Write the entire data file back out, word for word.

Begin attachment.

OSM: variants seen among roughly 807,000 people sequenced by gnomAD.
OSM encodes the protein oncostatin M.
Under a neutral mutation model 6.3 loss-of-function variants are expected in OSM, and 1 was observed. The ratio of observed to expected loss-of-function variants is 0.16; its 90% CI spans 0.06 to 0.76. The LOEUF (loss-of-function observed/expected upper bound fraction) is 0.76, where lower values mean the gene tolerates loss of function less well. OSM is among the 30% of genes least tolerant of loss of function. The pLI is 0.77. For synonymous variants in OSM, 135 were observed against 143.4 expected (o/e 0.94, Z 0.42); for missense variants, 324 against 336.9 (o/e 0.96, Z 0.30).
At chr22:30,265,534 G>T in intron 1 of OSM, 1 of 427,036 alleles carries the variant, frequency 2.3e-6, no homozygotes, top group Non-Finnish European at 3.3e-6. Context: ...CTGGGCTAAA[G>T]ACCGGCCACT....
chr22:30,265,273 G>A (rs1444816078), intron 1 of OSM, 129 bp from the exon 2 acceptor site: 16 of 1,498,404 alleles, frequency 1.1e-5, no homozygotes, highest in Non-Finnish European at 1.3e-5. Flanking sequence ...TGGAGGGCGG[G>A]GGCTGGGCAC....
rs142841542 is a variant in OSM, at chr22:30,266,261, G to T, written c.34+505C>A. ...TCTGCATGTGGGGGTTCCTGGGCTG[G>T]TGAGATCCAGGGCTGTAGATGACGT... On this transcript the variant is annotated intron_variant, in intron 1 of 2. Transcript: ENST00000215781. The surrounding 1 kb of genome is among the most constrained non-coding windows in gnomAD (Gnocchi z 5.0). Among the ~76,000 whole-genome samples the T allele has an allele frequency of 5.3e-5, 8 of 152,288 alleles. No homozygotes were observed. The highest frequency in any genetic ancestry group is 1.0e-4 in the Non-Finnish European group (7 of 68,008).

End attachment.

OSM: variants seen among roughly 807,000 people sequenced by gnomAD.
OSM encodes the protein oncostatin M.
Under a neutral mutation model 6.3 loss-of-function variants are expected in OSM, and 1 was observed. The ratio of observed to expected loss-of-function variants is 0.16; its 90% CI spans 0.06 to 0.76. The LOEUF (loss-of-function observed/expected upper bound fraction) is 0.76, where lower values mean the gene tolerates loss of function less well. OSM is among the 30% of genes least tolerant of loss of function. The pLI is 0.77. For synonymous variants in OSM, 135 were observed against 143.4 expected (o/e 0.94, Z 0.42); for missense variants, 324 against 336.9 (o/e 0.96, Z 0.30).
At chr22:30,265,534 G>T in intron 1 of OSM, 1 of 427,036 alleles carries the variant, frequency 2.3e-6, no homozygotes, top group Non-Finnish European at 3.3e-6. Context: ...CTGGGCTAAA[G>T]ACCGGCCACT....
chr22:30,265,273 G>A (rs1444816078), intron 1 of OSM, 129 bp from the exon 2 acceptor site: 16 of 1,498,404 alleles, frequency 1.1e-5, no homozygotes, highest in Non-Finnish European at 1.3e-5. Flanking sequence ...TGGAGGGCGG[G>A]GGCTGGGCAC....
rs142841542 is a variant in OSM, at chr22:30,266,261, G to T, written c.34+505C>A. ...TCTGCATGTGGGGGTTCCTGGGCTG[G>T]TGAGATCCAGGGCTGTAGATGACGT... On this transcript the variant is annotated intron_variant, in intron 1 of 2. Transcript: ENST00000215781. The surrounding 1 kb of genome is among the most constrained non-coding windows in gnomAD (Gnocchi z 5.0). Among the ~76,000 whole-genome samples the T allele has an allele frequency of 5.3e-5, 8 of 152,288 alleles. No homozygotes were observed. The highest frequency in any genetic ancestry group is 1.0e-4 in the Non-Finnish European group (7 of 68,008).